The moment you first realized that you might like to make coaching part of your career.
I feel like I’ve known since I was very young that coaching would be a potential career path. My father was a high school football and baseball coach in Ohio. I looked up to him in a lot of aspects of life and being a coach was certainly one thing I wanted to do to be like my father. I realized coaching college ball was something I wanted to try when Keith Veale encouraged me to go out scouting with him when I played for him.
Outside of mentors, talk about one or more ways you’ve learned some aspect of coaching.
By failure, I mean man I was lost when I first got into coaching. It was like a whole new world. We did some things and I look back and think what was I doing. Shout out to my first pitching staff, my fault fellas I’m a better coach because you guys wore the mistakes like champions. When you’re young you think you know it all and you don’t. Plain and simple; be open to new ideas, take them in and maybe one day you’ll use them. Trust me, we do things way different now than when I first got into coaching. The biggest key is finding a head coach that is willing to let you make mistakes and is willing to work with your mistakes. If you don’t have the freedom to coach and learn from your mistakes you’ll never grow and reach your potential.
If you could go back to your rookie coach self and give one piece of advice, what would it be?
The biggest piece of advice I would give myself as a rookie coach would be to enjoy it because you don’t know how good you have it. Learning from Matt Parker and being around him for two years was the greatest blessing in my career. I continually asked myself the question there has to be a better way and searched for the answers. Instead, I should have just taken it all in and enjoyed what I was doing for the program I was working for and the guys I worked with on a daily basis. Also, take a risk every once in a while. I was so scared to mess things up; we want our players to play with reckless abandonment we need to coach that way. No shame in saying yea I messed up I’ll be better.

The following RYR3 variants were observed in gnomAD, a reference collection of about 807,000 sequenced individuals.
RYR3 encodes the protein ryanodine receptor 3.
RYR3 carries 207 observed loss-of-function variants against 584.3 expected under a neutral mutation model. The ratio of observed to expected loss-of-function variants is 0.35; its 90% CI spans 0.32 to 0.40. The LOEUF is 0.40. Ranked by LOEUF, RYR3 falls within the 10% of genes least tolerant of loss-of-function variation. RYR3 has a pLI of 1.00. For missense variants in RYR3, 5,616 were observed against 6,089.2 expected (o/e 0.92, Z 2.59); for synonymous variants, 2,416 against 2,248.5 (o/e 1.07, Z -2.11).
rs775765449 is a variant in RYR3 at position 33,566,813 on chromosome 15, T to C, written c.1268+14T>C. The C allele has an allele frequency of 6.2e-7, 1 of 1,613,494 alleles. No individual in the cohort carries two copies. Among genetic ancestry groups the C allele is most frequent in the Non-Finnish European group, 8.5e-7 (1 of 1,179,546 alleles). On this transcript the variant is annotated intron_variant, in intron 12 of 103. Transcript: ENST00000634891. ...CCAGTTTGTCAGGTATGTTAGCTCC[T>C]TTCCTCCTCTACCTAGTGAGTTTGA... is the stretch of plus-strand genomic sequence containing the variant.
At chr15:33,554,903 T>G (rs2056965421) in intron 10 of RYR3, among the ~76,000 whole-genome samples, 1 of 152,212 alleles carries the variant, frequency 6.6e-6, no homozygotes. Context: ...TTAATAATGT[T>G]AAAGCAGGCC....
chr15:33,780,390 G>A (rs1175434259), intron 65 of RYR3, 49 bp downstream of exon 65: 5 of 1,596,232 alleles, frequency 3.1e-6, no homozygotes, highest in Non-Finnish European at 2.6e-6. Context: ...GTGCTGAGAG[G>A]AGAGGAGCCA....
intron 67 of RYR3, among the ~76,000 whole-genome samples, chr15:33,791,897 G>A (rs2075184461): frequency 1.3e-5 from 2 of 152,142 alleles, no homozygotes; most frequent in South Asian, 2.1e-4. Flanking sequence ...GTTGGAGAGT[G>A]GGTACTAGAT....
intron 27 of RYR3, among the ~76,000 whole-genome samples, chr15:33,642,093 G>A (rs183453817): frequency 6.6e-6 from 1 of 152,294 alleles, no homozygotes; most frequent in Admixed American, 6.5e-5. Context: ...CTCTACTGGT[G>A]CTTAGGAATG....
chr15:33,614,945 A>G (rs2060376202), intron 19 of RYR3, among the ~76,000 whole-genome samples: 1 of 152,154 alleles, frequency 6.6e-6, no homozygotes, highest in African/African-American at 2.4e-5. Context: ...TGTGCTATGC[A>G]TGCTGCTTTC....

And one more thing — don’t hesitate or miss an opportunity to tell your players you love them. It’s easier to say I love you daily than to tell your guys how much you care about them and love them in tears when the season ends.
What is your favorite memory from a coaching conference or clinic.
Ah man, my first ABCA 2015 in Orlando. Coach Veale invited me; he said it would be a good experience if I wanted to get into coaching. Corbs hit lead off and crushed it. Travis Jewett and his hitting talk was awesome. The whole experience was incredible. the hot stoves were legit I mean Karl Kuhn led the pitching one I think and it was just free thinking and thoughts flying around the room. I mean best convention I’ve been too by far.
Best career or work advice you ever received.
Be where your feet are. It’s easy to look to the next stop. It’s easy to compare what you and your program have to what other programs have and where you feel deficient. Do the best with what you have where you’re at and eventually you will be in a better place.
Your dream lunch date. One coach. Any sport. Any level. Living or dead. Who is it?
Tim Corbin is the easy answer for me. I mean in my mind there isn’t a greater coach at the college baseball level than him. I believe he’s the gold standard of what it means to be a coach and mentor.